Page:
The Republican presidential candidate’s affair could be exposed before the election, so the other woman’s silence was bought. Another woman wrote a tell-all book about her love life with the same married man. Long before Donald Trump and Stormy Daniels, there was President Warren G. Harding, whose sexual dalliances made history.

In 1920, the Republicans nominated Harding, a senator from Ohio, to run against Democratic Gov. James Cox, also of Ohio, and his running mate Franklin Delano Roosevelt. Only then did GOP leaders learn their handsome, white-mane standard-bearer had some kinky skeletons in his closet. One was a long-running affair with Carrie Fulton Phillips, the wife of the head of a department store in Marion, Ohio, where Harding was a newspaper publisher.

The affair had cooled, and now Phillips threatened to release some steamy love letters, unless she was paid. In one letter, Harding wrote his lover that he longed to see her so much “I feel that there will never be any relief until I take a long, deep, wild draught on your lips and then bury my face on your pillowing breasts.”

That was one of the milder letters.

The illicit affair could sink a presidential candidate. So the Republican Party paid Phillips and her husband $20,000 and sent them on an all-expenses paid voyage overseas until the election was over.

Today that $20,000 would be worth about $250,000. That is nearly double the $130,000 Trump paid Daniels before the 2016 presidential election to keep quiet about their alleged affair. And she did not get a free trip.

On Tuesday, Daniels published her memoir “Full Disclosure,” which includes details of her alleged Trump tryst. It follows the lead of Nan Britton, with whom Harding had an affair after he was elected with a campaign promise “to return America to normalcy.”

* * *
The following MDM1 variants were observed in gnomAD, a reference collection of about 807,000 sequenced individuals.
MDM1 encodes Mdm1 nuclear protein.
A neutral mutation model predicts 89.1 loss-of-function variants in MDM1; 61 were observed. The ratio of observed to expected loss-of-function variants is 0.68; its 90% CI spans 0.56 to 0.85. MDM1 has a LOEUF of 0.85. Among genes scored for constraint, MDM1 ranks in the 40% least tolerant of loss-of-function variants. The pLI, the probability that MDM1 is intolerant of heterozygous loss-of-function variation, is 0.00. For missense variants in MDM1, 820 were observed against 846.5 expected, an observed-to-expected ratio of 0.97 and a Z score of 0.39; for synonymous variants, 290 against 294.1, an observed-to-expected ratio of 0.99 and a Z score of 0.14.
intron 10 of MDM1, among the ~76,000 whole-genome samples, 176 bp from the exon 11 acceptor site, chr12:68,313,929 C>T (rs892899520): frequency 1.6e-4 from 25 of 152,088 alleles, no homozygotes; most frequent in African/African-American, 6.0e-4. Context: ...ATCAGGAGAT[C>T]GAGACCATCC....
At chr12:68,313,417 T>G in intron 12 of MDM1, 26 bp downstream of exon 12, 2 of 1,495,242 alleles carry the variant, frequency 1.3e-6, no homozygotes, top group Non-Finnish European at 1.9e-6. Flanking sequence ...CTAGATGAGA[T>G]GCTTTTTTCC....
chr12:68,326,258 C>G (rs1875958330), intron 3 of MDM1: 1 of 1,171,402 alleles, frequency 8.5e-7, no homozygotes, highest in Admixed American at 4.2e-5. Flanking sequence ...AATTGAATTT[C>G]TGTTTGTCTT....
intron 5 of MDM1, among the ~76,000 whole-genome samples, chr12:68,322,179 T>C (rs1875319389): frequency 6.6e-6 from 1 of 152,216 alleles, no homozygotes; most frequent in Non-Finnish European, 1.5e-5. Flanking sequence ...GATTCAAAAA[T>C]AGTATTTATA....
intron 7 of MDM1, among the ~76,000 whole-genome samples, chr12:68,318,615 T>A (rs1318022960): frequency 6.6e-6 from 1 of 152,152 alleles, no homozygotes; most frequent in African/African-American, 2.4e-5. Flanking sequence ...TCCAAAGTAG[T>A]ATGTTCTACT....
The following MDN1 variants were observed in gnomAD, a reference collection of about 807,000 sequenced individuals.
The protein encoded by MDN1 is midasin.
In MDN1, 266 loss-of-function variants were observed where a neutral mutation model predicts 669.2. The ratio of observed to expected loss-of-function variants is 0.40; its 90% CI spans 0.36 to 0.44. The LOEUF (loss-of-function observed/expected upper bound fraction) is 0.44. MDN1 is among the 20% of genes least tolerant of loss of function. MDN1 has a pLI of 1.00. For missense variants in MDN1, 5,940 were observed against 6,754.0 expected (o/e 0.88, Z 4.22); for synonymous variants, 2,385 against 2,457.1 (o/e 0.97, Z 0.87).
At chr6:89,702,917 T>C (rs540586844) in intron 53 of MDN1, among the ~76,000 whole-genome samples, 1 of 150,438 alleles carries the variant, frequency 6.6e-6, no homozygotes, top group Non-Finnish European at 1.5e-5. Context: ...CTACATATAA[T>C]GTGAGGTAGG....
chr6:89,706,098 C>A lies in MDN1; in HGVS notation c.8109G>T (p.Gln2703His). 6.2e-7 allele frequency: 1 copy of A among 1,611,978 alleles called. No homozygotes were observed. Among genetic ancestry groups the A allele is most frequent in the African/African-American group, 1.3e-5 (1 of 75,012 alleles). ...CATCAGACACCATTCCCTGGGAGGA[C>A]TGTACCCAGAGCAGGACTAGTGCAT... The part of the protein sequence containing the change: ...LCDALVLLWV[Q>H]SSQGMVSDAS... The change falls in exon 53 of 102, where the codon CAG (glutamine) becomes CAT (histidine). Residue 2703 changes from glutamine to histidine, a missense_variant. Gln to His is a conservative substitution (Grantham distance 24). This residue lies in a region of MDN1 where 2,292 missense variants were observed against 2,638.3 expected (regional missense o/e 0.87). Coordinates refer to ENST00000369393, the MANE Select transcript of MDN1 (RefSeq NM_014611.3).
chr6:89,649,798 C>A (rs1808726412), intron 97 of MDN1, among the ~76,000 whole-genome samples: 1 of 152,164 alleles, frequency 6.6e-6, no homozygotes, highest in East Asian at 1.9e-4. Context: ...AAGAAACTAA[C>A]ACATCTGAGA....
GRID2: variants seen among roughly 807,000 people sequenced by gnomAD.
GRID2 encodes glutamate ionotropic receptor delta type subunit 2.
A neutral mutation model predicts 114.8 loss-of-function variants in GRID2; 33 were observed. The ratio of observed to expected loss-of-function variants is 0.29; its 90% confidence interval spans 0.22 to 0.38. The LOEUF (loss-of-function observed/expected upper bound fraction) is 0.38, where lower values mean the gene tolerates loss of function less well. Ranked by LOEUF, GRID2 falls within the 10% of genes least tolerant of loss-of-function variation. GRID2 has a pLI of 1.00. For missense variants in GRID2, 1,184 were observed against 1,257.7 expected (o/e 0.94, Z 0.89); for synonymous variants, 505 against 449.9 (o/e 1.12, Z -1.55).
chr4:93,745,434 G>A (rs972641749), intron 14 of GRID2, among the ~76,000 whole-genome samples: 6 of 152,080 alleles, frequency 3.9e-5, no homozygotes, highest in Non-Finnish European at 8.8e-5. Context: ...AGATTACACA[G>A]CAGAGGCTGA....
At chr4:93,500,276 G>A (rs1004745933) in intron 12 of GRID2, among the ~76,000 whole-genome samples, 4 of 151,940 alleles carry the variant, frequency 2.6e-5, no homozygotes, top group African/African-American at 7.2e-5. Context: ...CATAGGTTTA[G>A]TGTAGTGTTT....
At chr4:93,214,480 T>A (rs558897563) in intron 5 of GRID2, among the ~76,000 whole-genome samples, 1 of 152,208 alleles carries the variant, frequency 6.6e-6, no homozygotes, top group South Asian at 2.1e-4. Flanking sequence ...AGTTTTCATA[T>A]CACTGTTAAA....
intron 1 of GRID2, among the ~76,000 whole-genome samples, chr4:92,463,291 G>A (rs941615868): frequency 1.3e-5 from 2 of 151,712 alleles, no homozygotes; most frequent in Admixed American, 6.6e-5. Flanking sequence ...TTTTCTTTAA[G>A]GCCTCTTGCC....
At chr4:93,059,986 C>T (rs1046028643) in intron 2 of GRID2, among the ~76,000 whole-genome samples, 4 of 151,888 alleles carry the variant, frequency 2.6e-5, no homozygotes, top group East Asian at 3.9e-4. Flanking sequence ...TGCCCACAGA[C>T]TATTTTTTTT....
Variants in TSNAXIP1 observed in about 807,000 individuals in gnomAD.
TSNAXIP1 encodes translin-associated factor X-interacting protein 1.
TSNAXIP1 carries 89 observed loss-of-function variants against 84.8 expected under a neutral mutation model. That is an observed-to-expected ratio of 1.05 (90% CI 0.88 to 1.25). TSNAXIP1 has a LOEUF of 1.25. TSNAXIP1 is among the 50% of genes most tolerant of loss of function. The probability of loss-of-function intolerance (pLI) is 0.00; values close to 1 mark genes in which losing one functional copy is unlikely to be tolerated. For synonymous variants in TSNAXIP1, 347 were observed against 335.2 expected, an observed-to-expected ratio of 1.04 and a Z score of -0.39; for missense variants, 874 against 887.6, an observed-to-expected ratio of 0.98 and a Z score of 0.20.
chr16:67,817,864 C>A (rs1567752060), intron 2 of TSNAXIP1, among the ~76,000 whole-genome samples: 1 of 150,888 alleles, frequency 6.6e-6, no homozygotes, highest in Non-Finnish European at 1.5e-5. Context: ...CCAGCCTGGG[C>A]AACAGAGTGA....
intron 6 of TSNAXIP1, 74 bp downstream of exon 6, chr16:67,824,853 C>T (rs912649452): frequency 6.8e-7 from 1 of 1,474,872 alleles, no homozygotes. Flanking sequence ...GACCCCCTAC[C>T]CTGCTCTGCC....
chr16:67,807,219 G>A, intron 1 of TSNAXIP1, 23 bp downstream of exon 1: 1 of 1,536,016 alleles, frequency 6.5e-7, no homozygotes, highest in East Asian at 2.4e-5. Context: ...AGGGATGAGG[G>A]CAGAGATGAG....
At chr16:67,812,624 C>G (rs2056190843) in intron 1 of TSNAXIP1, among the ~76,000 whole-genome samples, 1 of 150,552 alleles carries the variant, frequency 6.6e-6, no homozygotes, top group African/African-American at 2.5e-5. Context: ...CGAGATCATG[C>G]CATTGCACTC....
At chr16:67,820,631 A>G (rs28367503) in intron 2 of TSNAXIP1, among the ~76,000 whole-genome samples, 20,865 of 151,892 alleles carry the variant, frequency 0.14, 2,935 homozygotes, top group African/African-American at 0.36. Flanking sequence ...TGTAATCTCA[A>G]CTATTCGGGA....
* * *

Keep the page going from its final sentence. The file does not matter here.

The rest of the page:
Britton, who was three decades younger than the 54-year-old Harding, also was the mother of their child, a daughter whom the president never saw. The couple had sex throughout the White House, frequently in a very large cupboard near the president’s office. While this was going on, the Secret Service kept close watch for Harding’s ever-suspicious wife, Florence, who was known as “the Duchess.”

The genial Harding was a popular president. He boasted about what would prove to be a short-lived economic recovery. He supported tax cuts for businesses and the rich, backed higher tariffs and supported limits on immigration. The president largely ignored the details of government. When his Interior Secretary Albert Fall brought him an executive order to secretly transfer some U.S. Navy oil reserves in Wyoming to the Interior Department, Harding signed the order without bothering to read most of it.

The federal oil lands were in a place called Teapot Dome. Fall was taking bribes to allow private oil companies to drill on the property. In 1922, Harding suddenly found his administration under an initial investigation by Congress into the brewing Teapot Dome scandal.

To get away from Washington, in the summer of 1923 Harding and his wife took a goodwill trip to the territory of Alaska and then went by train down to California. Harding fell ill and in San Francisco, on Aug. 2, 1923, the president died of a sudden heart attack. He was 57 years old. An FBI agent accused Florence Harding of poisoning her husband out of jealousy over his affairs, but never produced any evidence.

Most of the scandals of sex and corruption in Harding’s administration did not become fully known until after his death. Fall was convicted of bribery in 1929. Two years earlier, Britton published a best-selling book about her affair with the late president and their child. Britton was angered because she was not included in Harding’s will and payments for their child were stopped. Harding supporters called Britton’s kiss-and-tell book fiction and fake news.

It was not until 2015 that modern DNA testing proved Britton’s claim that Harding was the father of their child. In 2014 the hot love letters of Harding and Britton were published over the objections of Harding’s descendants.

In the end, Harding left a legacy that was a cautionary warning for future philanderers in chief: Hell hath no fury like another woman scorned.

Ronald G. Shafer is a former Washington political features editor at the Wall Street Journal and author of “The Carnival Campaign. How The Rollicking 1840 Campaign of Tippecanoe and Tyler Too Changed Presidential Elections Forever.”

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